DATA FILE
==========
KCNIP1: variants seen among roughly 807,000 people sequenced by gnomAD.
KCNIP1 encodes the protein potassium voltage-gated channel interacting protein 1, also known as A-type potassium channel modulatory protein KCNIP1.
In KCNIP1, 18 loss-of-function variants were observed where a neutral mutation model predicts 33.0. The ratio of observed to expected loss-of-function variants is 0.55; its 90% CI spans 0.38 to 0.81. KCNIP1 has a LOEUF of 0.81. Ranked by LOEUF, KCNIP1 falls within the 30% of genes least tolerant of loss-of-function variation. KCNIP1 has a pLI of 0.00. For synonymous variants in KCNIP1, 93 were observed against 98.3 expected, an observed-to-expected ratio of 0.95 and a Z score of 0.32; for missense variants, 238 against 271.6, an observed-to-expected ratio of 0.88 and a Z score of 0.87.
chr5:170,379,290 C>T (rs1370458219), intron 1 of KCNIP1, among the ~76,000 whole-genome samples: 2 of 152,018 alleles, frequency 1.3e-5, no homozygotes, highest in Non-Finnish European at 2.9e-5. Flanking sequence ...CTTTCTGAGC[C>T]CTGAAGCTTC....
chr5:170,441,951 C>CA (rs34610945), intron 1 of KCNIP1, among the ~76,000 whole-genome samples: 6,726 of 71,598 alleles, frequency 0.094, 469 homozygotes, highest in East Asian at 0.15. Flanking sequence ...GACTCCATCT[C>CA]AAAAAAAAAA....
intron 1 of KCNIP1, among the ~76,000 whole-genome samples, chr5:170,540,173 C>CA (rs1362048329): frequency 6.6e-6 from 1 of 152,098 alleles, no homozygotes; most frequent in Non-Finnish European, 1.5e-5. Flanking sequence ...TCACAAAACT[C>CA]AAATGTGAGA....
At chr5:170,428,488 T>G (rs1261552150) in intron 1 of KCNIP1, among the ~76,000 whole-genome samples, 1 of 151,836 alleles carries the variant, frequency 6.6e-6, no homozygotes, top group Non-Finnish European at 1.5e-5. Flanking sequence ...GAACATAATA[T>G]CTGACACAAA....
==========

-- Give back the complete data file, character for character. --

KCNIP1: variants seen among roughly 807,000 people sequenced by gnomAD.
KCNIP1 encodes the protein potassium voltage-gated channel interacting protein 1, also known as A-type potassium channel modulatory protein KCNIP1.
In KCNIP1, 18 loss-of-function variants were observed where a neutral mutation model predicts 33.0. The ratio of observed to expected loss-of-function variants is 0.55; its 90% CI spans 0.38 to 0.81. KCNIP1 has a LOEUF of 0.81. Ranked by LOEUF, KCNIP1 falls within the 30% of genes least tolerant of loss-of-function variation. KCNIP1 has a pLI of 0.00. For synonymous variants in KCNIP1, 93 were observed against 98.3 expected, an observed-to-expected ratio of 0.95 and a Z score of 0.32; for missense variants, 238 against 271.6, an observed-to-expected ratio of 0.88 and a Z score of 0.87.
chr5:170,379,290 C>T (rs1370458219), intron 1 of KCNIP1, among the ~76,000 whole-genome samples: 2 of 152,018 alleles, frequency 1.3e-5, no homozygotes, highest in Non-Finnish European at 2.9e-5. Flanking sequence ...CTTTCTGAGC[C>T]CTGAAGCTTC....
chr5:170,441,951 C>CA (rs34610945), intron 1 of KCNIP1, among the ~76,000 whole-genome samples: 6,726 of 71,598 alleles, frequency 0.094, 469 homozygotes, highest in East Asian at 0.15. Flanking sequence ...GACTCCATCT[C>CA]AAAAAAAAAA....
intron 1 of KCNIP1, among the ~76,000 whole-genome samples, chr5:170,540,173 C>CA (rs1362048329): frequency 6.6e-6 from 1 of 152,098 alleles, no homozygotes; most frequent in Non-Finnish European, 1.5e-5. Flanking sequence ...TCACAAAACT[C>CA]AAATGTGAGA....
At chr5:170,428,488 T>G (rs1261552150) in intron 1 of KCNIP1, among the ~76,000 whole-genome samples, 1 of 151,836 alleles carries the variant, frequency 6.6e-6, no homozygotes, top group Non-Finnish European at 1.5e-5. Flanking sequence ...GAACATAATA[T>G]CTGACACAAA....